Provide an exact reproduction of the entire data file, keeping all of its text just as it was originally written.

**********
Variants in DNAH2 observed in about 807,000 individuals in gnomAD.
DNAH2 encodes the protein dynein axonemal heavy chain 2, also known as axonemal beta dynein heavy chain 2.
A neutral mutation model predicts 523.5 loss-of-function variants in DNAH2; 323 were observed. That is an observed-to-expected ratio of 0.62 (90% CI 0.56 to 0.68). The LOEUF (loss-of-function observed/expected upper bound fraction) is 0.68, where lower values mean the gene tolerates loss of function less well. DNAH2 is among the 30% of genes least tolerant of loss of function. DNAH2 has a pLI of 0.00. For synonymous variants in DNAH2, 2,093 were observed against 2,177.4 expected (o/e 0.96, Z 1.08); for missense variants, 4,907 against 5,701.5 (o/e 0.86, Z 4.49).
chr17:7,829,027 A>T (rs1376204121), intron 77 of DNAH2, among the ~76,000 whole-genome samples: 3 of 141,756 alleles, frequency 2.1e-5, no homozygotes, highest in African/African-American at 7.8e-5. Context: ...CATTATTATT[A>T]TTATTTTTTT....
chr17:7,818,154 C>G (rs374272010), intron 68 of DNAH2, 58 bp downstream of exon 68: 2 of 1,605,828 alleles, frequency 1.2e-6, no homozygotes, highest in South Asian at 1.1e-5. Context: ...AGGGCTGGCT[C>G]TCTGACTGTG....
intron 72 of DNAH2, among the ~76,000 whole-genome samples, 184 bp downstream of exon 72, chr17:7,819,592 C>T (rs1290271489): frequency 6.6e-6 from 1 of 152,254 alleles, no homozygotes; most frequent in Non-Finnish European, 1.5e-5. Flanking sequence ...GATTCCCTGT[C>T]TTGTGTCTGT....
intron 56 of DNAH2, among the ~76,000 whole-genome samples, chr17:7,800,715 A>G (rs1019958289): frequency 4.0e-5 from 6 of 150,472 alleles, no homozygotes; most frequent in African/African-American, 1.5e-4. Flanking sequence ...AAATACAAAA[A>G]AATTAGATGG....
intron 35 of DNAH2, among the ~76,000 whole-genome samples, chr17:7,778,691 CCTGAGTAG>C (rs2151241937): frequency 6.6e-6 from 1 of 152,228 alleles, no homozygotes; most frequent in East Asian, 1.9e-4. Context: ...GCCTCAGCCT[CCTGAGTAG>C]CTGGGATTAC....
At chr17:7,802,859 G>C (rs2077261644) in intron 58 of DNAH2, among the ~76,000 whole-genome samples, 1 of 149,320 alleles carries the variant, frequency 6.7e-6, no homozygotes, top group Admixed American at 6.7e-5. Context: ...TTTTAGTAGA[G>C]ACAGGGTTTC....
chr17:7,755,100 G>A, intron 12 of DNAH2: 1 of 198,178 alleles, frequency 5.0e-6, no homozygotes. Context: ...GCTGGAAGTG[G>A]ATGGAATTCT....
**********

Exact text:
Variants in DNAH2 observed in about 807,000 individuals in gnomAD.
DNAH2 encodes the protein dynein axonemal heavy chain 2, also known as axonemal beta dynein heavy chain 2.
A neutral mutation model predicts 523.5 loss-of-function variants in DNAH2; 323 were observed. That is an observed-to-expected ratio of 0.62 (90% CI 0.56 to 0.68). The LOEUF (loss-of-function observed/expected upper bound fraction) is 0.68, where lower values mean the gene tolerates loss of function less well. DNAH2 is among the 30% of genes least tolerant of loss of function. DNAH2 has a pLI of 0.00. For synonymous variants in DNAH2, 2,093 were observed against 2,177.4 expected (o/e 0.96, Z 1.08); for missense variants, 4,907 against 5,701.5 (o/e 0.86, Z 4.49).
chr17:7,829,027 A>T (rs1376204121), intron 77 of DNAH2, among the ~76,000 whole-genome samples: 3 of 141,756 alleles, frequency 2.1e-5, no homozygotes, highest in African/African-American at 7.8e-5. Context: ...CATTATTATT[A>T]TTATTTTTTT....
chr17:7,818,154 C>G (rs374272010), intron 68 of DNAH2, 58 bp downstream of exon 68: 2 of 1,605,828 alleles, frequency 1.2e-6, no homozygotes, highest in South Asian at 1.1e-5. Context: ...AGGGCTGGCT[C>G]TCTGACTGTG....
intron 72 of DNAH2, among the ~76,000 whole-genome samples, 184 bp downstream of exon 72, chr17:7,819,592 C>T (rs1290271489): frequency 6.6e-6 from 1 of 152,254 alleles, no homozygotes; most frequent in Non-Finnish European, 1.5e-5. Flanking sequence ...GATTCCCTGT[C>T]TTGTGTCTGT....
intron 56 of DNAH2, among the ~76,000 whole-genome samples, chr17:7,800,715 A>G (rs1019958289): frequency 4.0e-5 from 6 of 150,472 alleles, no homozygotes; most frequent in African/African-American, 1.5e-4. Flanking sequence ...AAATACAAAA[A>G]AATTAGATGG....
intron 35 of DNAH2, among the ~76,000 whole-genome samples, chr17:7,778,691 CCTGAGTAG>C (rs2151241937): frequency 6.6e-6 from 1 of 152,228 alleles, no homozygotes; most frequent in East Asian, 1.9e-4. Context: ...GCCTCAGCCT[CCTGAGTAG>C]CTGGGATTAC....
At chr17:7,802,859 G>C (rs2077261644) in intron 58 of DNAH2, among the ~76,000 whole-genome samples, 1 of 149,320 alleles carries the variant, frequency 6.7e-6, no homozygotes, top group Admixed American at 6.7e-5. Context: ...TTTTAGTAGA[G>C]ACAGGGTTTC....
chr17:7,755,100 G>A, intron 12 of DNAH2: 1 of 198,178 alleles, frequency 5.0e-6, no homozygotes. Context: ...GCTGGAAGTG[G>A]ATGGAATTCT....